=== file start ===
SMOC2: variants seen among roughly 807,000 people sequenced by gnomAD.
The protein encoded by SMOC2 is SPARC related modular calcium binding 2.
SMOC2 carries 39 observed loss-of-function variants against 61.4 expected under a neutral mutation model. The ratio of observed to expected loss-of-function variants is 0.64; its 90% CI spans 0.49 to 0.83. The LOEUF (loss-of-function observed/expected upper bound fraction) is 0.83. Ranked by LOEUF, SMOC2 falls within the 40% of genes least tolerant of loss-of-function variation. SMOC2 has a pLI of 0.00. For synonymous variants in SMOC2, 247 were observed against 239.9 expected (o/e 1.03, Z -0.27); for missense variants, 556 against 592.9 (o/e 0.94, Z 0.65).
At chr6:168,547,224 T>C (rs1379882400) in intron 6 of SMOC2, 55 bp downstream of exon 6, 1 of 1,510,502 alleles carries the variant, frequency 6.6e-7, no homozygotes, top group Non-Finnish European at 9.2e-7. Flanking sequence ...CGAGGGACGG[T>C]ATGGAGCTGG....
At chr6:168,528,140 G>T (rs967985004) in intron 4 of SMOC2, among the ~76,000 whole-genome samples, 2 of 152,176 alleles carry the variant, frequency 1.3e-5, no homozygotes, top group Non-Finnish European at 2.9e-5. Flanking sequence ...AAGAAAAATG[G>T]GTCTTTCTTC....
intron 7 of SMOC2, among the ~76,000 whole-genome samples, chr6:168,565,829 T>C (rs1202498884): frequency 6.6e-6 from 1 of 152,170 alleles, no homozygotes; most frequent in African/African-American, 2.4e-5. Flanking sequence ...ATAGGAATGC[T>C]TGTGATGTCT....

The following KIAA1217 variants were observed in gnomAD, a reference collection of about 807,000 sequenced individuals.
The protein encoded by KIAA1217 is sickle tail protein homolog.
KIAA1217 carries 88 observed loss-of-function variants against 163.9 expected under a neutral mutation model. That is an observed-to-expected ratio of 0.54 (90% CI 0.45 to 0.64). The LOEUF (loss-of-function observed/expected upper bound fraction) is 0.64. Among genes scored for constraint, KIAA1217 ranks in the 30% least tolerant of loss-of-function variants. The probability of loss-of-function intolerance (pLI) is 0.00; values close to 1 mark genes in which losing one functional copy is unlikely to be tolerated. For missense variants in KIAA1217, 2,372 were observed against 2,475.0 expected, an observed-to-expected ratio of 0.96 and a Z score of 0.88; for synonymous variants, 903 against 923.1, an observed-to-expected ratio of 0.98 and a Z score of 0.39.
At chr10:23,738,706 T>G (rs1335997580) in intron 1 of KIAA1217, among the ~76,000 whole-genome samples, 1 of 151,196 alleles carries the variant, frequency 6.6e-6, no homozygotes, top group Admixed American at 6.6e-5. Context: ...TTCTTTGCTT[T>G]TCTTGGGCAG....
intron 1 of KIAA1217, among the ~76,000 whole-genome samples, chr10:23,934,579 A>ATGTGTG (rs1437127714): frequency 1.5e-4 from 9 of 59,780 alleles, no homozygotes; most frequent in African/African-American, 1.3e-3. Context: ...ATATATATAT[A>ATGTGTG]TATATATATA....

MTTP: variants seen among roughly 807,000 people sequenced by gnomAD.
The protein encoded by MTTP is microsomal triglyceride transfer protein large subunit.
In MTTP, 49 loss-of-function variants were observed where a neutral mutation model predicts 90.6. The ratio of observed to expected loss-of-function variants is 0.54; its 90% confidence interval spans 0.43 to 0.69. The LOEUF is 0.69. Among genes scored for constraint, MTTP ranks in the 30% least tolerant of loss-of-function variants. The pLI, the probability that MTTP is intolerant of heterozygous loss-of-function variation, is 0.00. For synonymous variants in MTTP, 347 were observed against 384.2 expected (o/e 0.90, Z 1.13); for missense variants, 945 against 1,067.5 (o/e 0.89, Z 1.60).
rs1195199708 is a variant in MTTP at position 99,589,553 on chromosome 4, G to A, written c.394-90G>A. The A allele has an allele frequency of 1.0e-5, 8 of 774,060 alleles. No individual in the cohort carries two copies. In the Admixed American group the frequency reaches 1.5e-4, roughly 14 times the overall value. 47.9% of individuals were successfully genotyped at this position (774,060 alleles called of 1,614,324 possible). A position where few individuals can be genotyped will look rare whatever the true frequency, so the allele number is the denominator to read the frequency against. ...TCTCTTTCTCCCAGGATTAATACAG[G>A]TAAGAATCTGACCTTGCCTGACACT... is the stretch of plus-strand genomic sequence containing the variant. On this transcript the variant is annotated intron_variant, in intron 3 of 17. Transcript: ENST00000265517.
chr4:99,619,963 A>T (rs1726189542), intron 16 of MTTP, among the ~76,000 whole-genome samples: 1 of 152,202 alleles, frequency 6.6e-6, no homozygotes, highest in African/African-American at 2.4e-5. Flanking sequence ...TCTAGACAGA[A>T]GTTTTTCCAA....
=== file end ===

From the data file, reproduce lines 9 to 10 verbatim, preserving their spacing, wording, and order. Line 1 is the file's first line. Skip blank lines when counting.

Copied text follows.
KIAA1217 carries 88 observed loss-of-function variants against 163.9 expected under a neutral mutation model. That is an observed-to-expected ratio of 0.54 (90% CI 0.45 to 0.64). The LOEUF (loss-of-function observed/expected upper bound fraction) is 0.64. Among genes scored for constraint, KIAA1217 ranks in the 30% least tolerant of loss-of-function variants. The probability of loss-of-function intolerance (pLI) is 0.00; values close to 1 mark genes in which losing one functional copy is unlikely to be tolerated. For missense variants in KIAA1217, 2,372 were observed against 2,475.0 expected, an observed-to-expected ratio of 0.96 and a Z score of 0.88; for synonymous variants, 903 against 923.1, an observed-to-expected ratio of 0.98 and a Z score of 0.39.
At chr10:23,738,706 T>G (rs1335997580) in intron 1 of KIAA1217, among the ~76,000 whole-genome samples, 1 of 151,196 alleles carries the variant, frequency 6.6e-6, no homozygotes, top group Admixed American at 6.6e-5. Context: ...TTCTTTGCTT[T>G]TCTTGGGCAG....